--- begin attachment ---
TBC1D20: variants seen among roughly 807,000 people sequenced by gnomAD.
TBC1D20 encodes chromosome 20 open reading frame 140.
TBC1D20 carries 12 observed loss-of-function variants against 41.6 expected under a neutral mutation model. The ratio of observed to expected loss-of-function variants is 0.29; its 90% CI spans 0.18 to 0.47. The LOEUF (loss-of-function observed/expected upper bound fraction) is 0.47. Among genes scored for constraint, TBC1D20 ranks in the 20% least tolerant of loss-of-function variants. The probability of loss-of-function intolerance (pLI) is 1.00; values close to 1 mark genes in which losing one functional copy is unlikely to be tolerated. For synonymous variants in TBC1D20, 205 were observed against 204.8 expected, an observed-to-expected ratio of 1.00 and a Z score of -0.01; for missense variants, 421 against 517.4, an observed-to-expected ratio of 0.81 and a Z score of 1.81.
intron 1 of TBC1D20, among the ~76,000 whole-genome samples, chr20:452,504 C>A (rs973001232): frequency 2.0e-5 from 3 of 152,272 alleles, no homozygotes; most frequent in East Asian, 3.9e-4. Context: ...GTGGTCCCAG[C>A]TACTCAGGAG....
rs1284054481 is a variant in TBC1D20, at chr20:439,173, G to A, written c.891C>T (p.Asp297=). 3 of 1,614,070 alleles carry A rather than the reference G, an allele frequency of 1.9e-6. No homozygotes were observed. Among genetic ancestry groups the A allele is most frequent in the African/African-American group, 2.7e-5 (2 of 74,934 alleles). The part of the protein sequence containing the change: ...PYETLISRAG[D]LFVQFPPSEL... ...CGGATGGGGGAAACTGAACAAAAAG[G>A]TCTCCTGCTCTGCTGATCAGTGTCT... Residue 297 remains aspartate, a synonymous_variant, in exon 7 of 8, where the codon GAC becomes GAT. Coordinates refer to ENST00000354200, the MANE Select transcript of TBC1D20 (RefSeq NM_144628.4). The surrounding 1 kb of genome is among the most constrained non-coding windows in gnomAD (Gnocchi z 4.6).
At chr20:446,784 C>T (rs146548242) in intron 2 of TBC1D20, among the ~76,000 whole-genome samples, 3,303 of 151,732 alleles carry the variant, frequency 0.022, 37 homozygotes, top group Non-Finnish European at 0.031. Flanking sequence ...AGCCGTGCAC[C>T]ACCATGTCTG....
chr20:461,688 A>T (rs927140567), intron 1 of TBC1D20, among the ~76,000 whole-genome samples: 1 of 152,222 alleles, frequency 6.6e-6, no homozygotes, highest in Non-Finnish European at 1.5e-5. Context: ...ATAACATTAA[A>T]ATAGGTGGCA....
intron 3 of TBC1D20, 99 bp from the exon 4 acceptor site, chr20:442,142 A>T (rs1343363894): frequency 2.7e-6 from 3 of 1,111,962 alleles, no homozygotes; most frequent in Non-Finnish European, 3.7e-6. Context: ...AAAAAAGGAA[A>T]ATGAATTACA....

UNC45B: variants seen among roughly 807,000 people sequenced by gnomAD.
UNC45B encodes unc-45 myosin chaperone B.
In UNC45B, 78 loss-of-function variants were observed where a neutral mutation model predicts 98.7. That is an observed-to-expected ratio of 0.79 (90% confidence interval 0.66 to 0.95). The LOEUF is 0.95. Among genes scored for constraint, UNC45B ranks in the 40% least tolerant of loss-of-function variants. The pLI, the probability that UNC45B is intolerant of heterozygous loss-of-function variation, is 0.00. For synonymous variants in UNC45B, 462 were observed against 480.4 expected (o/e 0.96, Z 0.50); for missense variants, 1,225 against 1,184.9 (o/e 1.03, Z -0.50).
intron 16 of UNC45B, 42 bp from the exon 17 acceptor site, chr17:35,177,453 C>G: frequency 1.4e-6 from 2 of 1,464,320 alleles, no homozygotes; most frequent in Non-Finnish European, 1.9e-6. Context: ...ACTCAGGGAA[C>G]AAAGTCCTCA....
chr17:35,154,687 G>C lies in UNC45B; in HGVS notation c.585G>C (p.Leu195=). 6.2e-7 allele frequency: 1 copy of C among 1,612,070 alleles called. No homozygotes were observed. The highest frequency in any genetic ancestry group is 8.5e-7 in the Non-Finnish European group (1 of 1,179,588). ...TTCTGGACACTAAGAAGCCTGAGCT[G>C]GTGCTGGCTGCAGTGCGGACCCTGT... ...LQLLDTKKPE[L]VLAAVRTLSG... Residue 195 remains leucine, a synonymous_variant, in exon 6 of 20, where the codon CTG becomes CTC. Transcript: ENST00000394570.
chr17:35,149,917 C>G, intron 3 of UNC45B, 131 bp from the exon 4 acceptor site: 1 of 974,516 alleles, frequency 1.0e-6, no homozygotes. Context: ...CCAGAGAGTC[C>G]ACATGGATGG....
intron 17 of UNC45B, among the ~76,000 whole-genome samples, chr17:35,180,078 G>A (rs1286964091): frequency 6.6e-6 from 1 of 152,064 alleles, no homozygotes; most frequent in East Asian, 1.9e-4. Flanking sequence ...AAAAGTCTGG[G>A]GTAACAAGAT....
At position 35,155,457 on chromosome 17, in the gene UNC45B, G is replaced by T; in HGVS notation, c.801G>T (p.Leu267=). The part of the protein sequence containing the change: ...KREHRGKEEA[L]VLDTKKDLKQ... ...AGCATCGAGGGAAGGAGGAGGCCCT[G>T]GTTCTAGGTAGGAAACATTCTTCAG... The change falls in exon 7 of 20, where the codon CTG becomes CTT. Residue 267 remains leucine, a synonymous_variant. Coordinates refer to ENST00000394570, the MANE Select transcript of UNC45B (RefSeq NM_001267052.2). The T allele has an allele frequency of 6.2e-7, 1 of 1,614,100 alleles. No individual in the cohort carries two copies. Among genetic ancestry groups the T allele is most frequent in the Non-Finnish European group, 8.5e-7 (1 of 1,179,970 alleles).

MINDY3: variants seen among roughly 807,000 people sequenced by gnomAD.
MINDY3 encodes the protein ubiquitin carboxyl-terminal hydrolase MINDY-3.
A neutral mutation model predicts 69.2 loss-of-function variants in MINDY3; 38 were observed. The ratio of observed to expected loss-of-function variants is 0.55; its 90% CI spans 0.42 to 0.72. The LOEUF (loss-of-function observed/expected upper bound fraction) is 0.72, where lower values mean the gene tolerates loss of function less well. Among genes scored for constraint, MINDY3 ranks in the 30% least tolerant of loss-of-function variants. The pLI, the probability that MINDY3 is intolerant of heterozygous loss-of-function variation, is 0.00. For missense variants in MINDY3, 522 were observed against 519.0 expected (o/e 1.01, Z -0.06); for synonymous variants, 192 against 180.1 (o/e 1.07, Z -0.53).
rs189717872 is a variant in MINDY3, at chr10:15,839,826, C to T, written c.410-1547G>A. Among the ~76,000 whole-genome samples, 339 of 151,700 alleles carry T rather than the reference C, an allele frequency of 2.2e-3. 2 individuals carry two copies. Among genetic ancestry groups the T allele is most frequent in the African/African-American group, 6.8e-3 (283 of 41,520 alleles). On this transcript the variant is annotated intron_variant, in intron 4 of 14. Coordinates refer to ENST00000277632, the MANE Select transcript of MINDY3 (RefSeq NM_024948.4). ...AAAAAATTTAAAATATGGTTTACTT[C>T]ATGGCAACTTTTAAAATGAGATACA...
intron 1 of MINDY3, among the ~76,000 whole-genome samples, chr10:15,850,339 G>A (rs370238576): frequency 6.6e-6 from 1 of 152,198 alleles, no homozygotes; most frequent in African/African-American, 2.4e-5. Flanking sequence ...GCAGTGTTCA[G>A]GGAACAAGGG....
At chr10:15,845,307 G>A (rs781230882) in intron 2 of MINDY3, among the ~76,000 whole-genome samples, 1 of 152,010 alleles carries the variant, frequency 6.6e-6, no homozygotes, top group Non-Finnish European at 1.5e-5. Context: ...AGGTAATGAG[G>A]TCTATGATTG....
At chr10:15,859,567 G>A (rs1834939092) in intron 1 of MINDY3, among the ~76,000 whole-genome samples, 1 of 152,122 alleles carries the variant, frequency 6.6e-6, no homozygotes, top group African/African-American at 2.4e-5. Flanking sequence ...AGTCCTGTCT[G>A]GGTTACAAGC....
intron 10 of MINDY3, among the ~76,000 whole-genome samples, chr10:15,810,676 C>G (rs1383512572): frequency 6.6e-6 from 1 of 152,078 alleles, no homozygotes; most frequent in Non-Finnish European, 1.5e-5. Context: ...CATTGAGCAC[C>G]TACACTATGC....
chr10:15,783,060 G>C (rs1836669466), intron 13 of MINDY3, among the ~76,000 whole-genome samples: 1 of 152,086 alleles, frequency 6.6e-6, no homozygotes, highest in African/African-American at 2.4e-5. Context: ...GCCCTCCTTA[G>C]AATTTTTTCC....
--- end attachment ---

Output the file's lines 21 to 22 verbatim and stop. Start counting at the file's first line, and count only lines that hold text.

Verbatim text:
intron 1 of MINDY3, among the ~76,000 whole-genome samples, chr10:15,850,339 G>A (rs370238576): frequency 6.6e-6 from 1 of 152,198 alleles, no homozygotes; most frequent in African/African-American, 2.4e-5. Flanking sequence ...GCAGTGTTCA[G>A]GGAACAAGGG....
At chr10:15,845,307 G>A (rs781230882) in intron 2 of MINDY3, among the ~76,000 whole-genome samples, 1 of 152,010 alleles carries the variant, frequency 6.6e-6, no homozygotes, top group Non-Finnish European at 1.5e-5. Context: ...AGGTAATGAG[G>A]TCTATGATTG....